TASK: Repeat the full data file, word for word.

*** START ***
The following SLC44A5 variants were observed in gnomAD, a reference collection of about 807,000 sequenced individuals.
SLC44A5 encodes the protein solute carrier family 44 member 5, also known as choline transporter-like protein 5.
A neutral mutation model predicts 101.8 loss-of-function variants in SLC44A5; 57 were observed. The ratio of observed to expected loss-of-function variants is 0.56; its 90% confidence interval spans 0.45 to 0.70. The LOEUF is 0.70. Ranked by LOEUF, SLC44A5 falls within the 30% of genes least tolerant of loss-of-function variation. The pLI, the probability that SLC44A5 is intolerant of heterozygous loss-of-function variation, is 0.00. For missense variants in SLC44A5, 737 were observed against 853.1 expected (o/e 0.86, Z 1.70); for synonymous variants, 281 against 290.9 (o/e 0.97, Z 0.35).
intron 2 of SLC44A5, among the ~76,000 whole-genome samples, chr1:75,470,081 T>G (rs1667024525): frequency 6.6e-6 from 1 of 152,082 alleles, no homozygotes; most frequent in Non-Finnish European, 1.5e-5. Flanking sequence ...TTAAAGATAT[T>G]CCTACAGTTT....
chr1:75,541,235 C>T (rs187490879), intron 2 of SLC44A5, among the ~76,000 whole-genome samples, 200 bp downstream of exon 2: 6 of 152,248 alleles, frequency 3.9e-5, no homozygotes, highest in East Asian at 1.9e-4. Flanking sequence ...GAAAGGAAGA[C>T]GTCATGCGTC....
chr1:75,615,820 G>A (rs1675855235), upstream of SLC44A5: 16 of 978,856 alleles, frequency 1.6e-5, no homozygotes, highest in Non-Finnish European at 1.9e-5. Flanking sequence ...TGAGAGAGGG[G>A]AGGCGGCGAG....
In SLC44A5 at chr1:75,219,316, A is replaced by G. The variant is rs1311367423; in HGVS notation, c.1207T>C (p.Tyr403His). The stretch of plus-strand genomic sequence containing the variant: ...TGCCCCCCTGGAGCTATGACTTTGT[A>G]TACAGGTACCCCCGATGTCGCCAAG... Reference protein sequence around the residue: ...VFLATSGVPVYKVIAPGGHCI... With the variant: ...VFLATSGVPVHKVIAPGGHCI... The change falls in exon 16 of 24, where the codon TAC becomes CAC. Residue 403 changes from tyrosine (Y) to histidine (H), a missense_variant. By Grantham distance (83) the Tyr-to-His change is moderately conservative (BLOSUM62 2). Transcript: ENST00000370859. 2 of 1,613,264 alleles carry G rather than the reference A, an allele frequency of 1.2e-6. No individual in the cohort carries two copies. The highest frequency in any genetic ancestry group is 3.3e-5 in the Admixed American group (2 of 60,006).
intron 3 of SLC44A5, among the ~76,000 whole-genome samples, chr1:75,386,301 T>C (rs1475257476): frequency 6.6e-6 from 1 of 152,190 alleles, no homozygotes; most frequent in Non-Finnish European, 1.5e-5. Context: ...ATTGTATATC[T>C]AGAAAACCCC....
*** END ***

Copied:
The following SLC44A5 variants were observed in gnomAD, a reference collection of about 807,000 sequenced individuals.
SLC44A5 encodes the protein solute carrier family 44 member 5, also known as choline transporter-like protein 5.
A neutral mutation model predicts 101.8 loss-of-function variants in SLC44A5; 57 were observed. The ratio of observed to expected loss-of-function variants is 0.56; its 90% confidence interval spans 0.45 to 0.70. The LOEUF is 0.70. Ranked by LOEUF, SLC44A5 falls within the 30% of genes least tolerant of loss-of-function variation. The pLI, the probability that SLC44A5 is intolerant of heterozygous loss-of-function variation, is 0.00. For missense variants in SLC44A5, 737 were observed against 853.1 expected (o/e 0.86, Z 1.70); for synonymous variants, 281 against 290.9 (o/e 0.97, Z 0.35).
intron 2 of SLC44A5, among the ~76,000 whole-genome samples, chr1:75,470,081 T>G (rs1667024525): frequency 6.6e-6 from 1 of 152,082 alleles, no homozygotes; most frequent in Non-Finnish European, 1.5e-5. Flanking sequence ...TTAAAGATAT[T>G]CCTACAGTTT....
chr1:75,541,235 C>T (rs187490879), intron 2 of SLC44A5, among the ~76,000 whole-genome samples, 200 bp downstream of exon 2: 6 of 152,248 alleles, frequency 3.9e-5, no homozygotes, highest in East Asian at 1.9e-4. Flanking sequence ...GAAAGGAAGA[C>T]GTCATGCGTC....
chr1:75,615,820 G>A (rs1675855235), upstream of SLC44A5: 16 of 978,856 alleles, frequency 1.6e-5, no homozygotes, highest in Non-Finnish European at 1.9e-5. Flanking sequence ...TGAGAGAGGG[G>A]AGGCGGCGAG....
In SLC44A5 at chr1:75,219,316, A is replaced by G. The variant is rs1311367423; in HGVS notation, c.1207T>C (p.Tyr403His). The stretch of plus-strand genomic sequence containing the variant: ...TGCCCCCCTGGAGCTATGACTTTGT[A>G]TACAGGTACCCCCGATGTCGCCAAG... Reference protein sequence around the residue: ...VFLATSGVPVYKVIAPGGHCI... With the variant: ...VFLATSGVPVHKVIAPGGHCI... The change falls in exon 16 of 24, where the codon TAC becomes CAC. Residue 403 changes from tyrosine (Y) to histidine (H), a missense_variant. By Grantham distance (83) the Tyr-to-His change is moderately conservative (BLOSUM62 2). Transcript: ENST00000370859. 2 of 1,613,264 alleles carry G rather than the reference A, an allele frequency of 1.2e-6. No individual in the cohort carries two copies. The highest frequency in any genetic ancestry group is 3.3e-5 in the Admixed American group (2 of 60,006).
intron 3 of SLC44A5, among the ~76,000 whole-genome samples, chr1:75,386,301 T>C (rs1475257476): frequency 6.6e-6 from 1 of 152,190 alleles, no homozygotes; most frequent in Non-Finnish European, 1.5e-5. Context: ...ATTGTATATC[T>C]AGAAAACCCC....